G20 pledges decisive action to boost global growth, vows to refrain from currency wars

By bne IntelliNews September 7, 2015

Kivanc Dundar in Istanbul -


Financial leaders of the world’s largest 20 economies pledged decisive action to keep the economic recovery on track amid warnings from the International Monetary Fund (IMF) that global growth in the first half of 2015 was lower than in the second half of last year.

“We have pledged to take decisive action to keep the economic recovery on track and we are confident the global economic recovery will gain speed,” said the communique of the G20 finance ministers and central bank governments following a two-day summit in Ankara, Turkey between September 4 and September 6.

“Monetary policies will continue to support economic activity consistent with central banks’ mandates, but monetary policy alone cannot lead to balanced growth,” it said.

Even though the financial leaders admitted that global growth is falling short of expectations, they said they are confident the global economic recovery will pick up. The G20 economies reaffirmed the role of macroeconomic and structural policies to support our efforts to achieve strong, sustainable and balanced growth.

 “We note that in line with the improving economic outlook, monetary policy tightening is more likely in some advanced economies,” added the communique.

Boosting investment is a top priority, the G20 officials agreed. “To this end, we have prepared country-specific investment strategies that present concrete actions in order to improve the investment ecosystem, foster efficient infrastructure investment and support financing opportunities for [small and medium-sized businesses],” they said.

Christine Lagarde, managing director of the IMF, warned in a statement at the conclusion of the G20 summit that growth remains moderate and uneven. “For the advanced economies, activity is projected to pick up only modestly this year and next. For the emerging market economies, prospects have weakened in 2015 relative to last year, though some rebound is projected next year,” Lagarde said.

Emerging economies may see more market volatility and have to struggle with stronger headwinds if the US Federal Reserve starts to raise interest rates later this year. Concerns about emerging markets are amplified by fears over China’s economic outlook. However, the communique did not specifically refer to possible Fed rate hike as a potential risk to global growth. The ministers assured that they will carefully calibrate and clearly communicate their actions against the backdrop of major monetary and other policy decisions.

It has been a major concern that because of bleak global economic outlook some nations may devalue their currencies to gain competitive advantage over their rivals, triggering dangerous currency wars. G20 ministers called for market-oriented rate setting. “We reiterate our commitment to move toward more market-determined exchange rate systems and exchange rate flexibility to reflect underlying fundamentals, and avoid persistent exchange rate misalignments”, the communique said. But they did not specifically mention China’s unexpected devaluation of the yuan last month.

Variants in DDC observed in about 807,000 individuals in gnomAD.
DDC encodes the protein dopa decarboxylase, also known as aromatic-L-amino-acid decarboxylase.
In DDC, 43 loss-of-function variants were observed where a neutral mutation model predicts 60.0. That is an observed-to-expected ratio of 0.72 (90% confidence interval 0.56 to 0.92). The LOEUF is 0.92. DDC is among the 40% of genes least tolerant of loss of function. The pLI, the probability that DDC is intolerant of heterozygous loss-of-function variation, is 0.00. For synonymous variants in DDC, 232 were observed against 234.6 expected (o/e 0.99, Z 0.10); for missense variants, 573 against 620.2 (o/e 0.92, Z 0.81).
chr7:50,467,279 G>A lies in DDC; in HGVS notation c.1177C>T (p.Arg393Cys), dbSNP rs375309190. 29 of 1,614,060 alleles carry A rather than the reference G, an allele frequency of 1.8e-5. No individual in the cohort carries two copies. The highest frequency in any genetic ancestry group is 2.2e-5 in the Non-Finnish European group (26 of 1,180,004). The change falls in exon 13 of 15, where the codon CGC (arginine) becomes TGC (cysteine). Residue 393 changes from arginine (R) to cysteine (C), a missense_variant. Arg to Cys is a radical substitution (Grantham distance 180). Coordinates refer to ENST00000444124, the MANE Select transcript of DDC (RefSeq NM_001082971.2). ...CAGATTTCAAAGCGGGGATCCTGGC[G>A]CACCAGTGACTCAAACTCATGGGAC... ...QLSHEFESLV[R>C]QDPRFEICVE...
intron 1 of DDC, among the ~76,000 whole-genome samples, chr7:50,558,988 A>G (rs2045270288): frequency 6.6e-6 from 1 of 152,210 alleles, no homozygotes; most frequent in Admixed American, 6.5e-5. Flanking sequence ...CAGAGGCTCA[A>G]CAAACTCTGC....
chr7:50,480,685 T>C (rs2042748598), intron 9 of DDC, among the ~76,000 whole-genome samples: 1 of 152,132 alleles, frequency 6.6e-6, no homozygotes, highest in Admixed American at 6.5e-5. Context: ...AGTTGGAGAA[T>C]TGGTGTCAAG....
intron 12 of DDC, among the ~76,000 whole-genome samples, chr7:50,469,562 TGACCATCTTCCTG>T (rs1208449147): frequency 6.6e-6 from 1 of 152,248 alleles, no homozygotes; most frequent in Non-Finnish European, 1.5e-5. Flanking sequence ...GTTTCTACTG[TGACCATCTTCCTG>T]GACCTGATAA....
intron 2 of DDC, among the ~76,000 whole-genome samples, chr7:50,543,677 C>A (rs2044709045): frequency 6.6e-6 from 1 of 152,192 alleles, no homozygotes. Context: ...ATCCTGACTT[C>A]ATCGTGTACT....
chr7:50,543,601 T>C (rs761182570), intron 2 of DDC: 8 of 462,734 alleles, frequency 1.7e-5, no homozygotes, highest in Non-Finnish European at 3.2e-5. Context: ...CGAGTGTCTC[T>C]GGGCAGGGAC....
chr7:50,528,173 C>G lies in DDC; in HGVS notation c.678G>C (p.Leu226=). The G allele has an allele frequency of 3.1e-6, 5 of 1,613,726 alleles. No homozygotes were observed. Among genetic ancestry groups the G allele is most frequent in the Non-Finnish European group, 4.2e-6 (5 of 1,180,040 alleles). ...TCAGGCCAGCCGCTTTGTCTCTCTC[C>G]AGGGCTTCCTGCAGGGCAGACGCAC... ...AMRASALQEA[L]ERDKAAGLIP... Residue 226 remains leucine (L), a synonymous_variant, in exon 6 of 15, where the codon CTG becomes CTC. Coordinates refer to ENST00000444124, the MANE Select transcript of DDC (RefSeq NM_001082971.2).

Turkish President Recep Tayyip Erdogan delivered a speech at the opening ceremony of the conference on the sidelines of the G20 summit but he failed to turn the whole event into an effective publicity stunt ahead of the November 1 snap election, in which he's desperate to regain a parliamentary majority for his AK Party. Erdogan, however, still used the opportunity to blame the West for not responding to the refugee crisis. “European countries that turned the Mediterranean into a grave for refugees are responsible for every refugee who lost their life,” he said.

The event was organized at a time when the country is facing one of its biggest political turmoil in the past 12 years. There has been a political vacuum since the June 7 elections produced a hung parliament and violence with the Kurdish insurgents has engulfed the country’s southeastern provinces.

Even the country’s radical left paid little attention to the summit. A handful of demonstrators gathered in front of the Turkish Union of Chambers and Commodity Exchanges (TOBB) building on September 3 to protest the summit. Police detained 17 of them.

Erdogan probably knew that the public, now worried about domestic problems, would not buy empty rhetoric that how Turkey with its democratic institutions and strong economy is an inspiration to the millions in the Middle East and wider Islamic world. Turkey does not have the same credibility now in the eyes of the West and the Muslim world as it enjoyed two or three years ago.

Erdogan’s appearance at the G20 summit peppered with a speech about Turkey’s past achievements would do little to boost investors’ confidence in the $800bn economy that is yet to show signs of recovery. Investors want political stability and expect clear actions from the authorities and decision makers when the lira is almost every day flirting with another record low against the dollar.

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